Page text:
This week whilst sitting with a friend in a cafe I noticed his phone.
“Is that an iPhone 7?” I asked.
“Yes. I got it last week.”
“Wow, that was quick. What’s it like?”
“It’s OK. Very like the iPhone 6 but a bit faster; better camera and new headphones,” he said in a very matter of fact way.
That seems to be the general consensus. A cursory look over the reviews will show you that many consider the new iPhone underwhelming.
It is not for comment here whether the reviews are fair (or whether the Google Pixel is better!), and of course there will be plenty of fans giving a different opinion what is worth noting is how quickly technology-that even a generation ago was unthinkable-can become mundane.
This is a device that fits in your pocket but has five times the processing power of the 1985 Cray-2 supercomputer (the most powerful and expensive computer only 30 years ago), an inbuilt high resolution 7 megapixel camera and video recorder, you can store and watch videos on it, connect to the Web on it, navigate around a city with it, it is water-resistant, it has voice recognition… I could go on.
Perhaps the most amazing thing is that so many of these very recent innovations are quickly considered ‘standard’. There are other devices with similar functionality. What was once thought incredible has become unremarkable.
But perhaps this says more about us as human beings than it does about technology. There are a number of psychologists and sociologists drawing our attention to what they call the ‘boredom epidemic’. Chris Petit has written on this arguing that our consumerism is a compensation mechanism for our boredom,
‘Shopping malls are boredom's cathedral: boredom underpins consumerism; defines leisure (and desire) which collapses into shopping.’
Is the strange irony that we are bored not because we lack stimulation but despite endless stimulation? As G K Chesterton argues in his book The Everlasting Man,
‘Pessimism is not in being tired of evil but in being tired of good. Despair does not lie in being weary of suffering, but in being weary of joy. It is when for some reason or other the good things in a society no longer work that the society begins to decline’.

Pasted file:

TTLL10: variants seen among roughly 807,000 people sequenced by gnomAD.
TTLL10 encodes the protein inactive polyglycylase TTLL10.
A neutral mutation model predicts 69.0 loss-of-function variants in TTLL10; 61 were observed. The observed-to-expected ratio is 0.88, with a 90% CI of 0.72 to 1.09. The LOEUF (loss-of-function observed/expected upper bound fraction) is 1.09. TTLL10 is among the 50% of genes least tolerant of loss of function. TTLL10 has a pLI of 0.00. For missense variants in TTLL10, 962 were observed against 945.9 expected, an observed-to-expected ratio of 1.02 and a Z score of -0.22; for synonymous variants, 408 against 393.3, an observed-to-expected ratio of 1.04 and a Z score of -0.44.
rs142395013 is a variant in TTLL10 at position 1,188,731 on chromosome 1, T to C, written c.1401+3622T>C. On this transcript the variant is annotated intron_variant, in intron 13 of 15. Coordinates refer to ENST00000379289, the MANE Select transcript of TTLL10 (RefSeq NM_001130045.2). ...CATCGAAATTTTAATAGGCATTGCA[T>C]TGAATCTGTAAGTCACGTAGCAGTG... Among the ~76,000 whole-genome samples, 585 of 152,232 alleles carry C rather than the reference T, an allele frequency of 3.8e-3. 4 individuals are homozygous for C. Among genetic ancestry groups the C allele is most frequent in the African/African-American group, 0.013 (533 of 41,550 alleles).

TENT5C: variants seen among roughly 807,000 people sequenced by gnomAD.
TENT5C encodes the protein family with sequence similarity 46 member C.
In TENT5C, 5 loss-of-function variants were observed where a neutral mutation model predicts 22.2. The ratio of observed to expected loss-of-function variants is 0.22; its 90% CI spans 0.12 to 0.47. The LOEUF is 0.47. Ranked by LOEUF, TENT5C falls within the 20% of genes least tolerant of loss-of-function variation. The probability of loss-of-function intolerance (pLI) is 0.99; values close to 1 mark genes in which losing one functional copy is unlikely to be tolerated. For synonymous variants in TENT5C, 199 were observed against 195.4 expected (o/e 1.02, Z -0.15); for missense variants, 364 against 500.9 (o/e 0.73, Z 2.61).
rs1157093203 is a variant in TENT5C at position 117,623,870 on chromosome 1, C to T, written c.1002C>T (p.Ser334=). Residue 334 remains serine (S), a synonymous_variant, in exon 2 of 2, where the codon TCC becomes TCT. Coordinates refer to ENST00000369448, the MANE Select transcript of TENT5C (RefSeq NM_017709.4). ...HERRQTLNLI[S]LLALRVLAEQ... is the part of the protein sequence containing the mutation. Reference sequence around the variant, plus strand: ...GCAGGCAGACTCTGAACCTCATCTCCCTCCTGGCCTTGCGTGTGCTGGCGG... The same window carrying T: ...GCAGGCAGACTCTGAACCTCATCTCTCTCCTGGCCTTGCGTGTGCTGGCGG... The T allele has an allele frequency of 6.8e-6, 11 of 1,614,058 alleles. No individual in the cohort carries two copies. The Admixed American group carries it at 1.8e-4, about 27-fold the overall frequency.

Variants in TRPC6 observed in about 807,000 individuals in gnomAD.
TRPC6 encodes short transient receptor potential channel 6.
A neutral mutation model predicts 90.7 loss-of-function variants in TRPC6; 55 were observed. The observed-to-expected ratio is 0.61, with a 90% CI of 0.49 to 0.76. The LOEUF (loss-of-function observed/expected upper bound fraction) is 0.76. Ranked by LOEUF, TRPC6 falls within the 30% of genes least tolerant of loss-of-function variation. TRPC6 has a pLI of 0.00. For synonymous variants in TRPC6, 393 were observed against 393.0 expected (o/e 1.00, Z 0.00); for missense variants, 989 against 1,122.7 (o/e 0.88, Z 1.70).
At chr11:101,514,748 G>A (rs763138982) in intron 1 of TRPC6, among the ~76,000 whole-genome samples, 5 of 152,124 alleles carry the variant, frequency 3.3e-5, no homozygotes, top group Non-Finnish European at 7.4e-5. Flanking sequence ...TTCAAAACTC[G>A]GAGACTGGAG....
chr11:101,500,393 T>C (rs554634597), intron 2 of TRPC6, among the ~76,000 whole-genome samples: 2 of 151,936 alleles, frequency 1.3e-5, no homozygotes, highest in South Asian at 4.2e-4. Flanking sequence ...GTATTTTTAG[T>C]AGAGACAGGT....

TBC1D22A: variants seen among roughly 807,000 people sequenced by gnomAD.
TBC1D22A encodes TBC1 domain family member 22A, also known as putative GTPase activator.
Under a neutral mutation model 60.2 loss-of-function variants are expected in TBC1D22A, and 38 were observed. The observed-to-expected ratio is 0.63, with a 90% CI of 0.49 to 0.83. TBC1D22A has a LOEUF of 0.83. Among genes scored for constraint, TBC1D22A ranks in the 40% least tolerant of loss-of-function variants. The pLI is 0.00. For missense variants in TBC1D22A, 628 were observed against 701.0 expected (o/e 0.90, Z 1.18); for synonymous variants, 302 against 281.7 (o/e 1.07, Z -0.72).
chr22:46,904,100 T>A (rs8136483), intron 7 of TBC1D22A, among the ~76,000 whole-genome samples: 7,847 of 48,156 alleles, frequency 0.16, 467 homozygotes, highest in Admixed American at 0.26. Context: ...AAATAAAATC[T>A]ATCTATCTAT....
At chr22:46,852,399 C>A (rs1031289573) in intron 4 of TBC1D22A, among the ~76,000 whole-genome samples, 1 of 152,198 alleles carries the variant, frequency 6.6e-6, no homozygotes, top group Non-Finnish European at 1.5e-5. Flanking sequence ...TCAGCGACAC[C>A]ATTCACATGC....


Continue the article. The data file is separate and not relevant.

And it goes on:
So if there is an epidemic of boredom, and the answer is not increased novelty or innovation, what is the cure?
One of the virtues that the gospel emphasises time and again which addresses this problem is thankfulness; ‘Giving thanks always and for everything to God the Father in the name of our Lord Jesus Christ’ Ephesians 5:20 (NIV).
Thankfulness is a foundational orientation towards God and his world. It flows from seeing creation as a gift from a loving Father in heaven. Imagine you received a high quality gift from a friend that they made rather than bought. Wouldn’t you notice the details more and have an added enjoyment of it just because you know that your friend made it for you? So thankfulness enlarges our sense of wonder and recaptures our joy because we see things as a gift from our Father in heaven.
The strange thing is that Christians are more prone to give thanks to God for a sunset than they are an iPhone but are not both windows on God’s glory? Sure, one may be the more direct work of God’s hands and the other is mediated through human innovation, but where does our innovation come from? Whose creation are we innovating with? To be thankful is to follow the streams of creativity back to the God from which they flow. Gratitude forces us to discern between the goodness of creation and its corruption, celebrating the goodness of creation in order to live in a way that cultivates that goodness under God
So why not try practising the virtue of thankfulness this week?
What aspects of technology or what devices could you thank God for?
What do you take for granted that you should be marvelling in?
As the old hymn puts it:
‘Praise God, from whom all blessings flow;
Praise Him, all creatures here below;
Praise Him above, ye heav’nly host;
Praise Father, Son, and Holy Ghost!’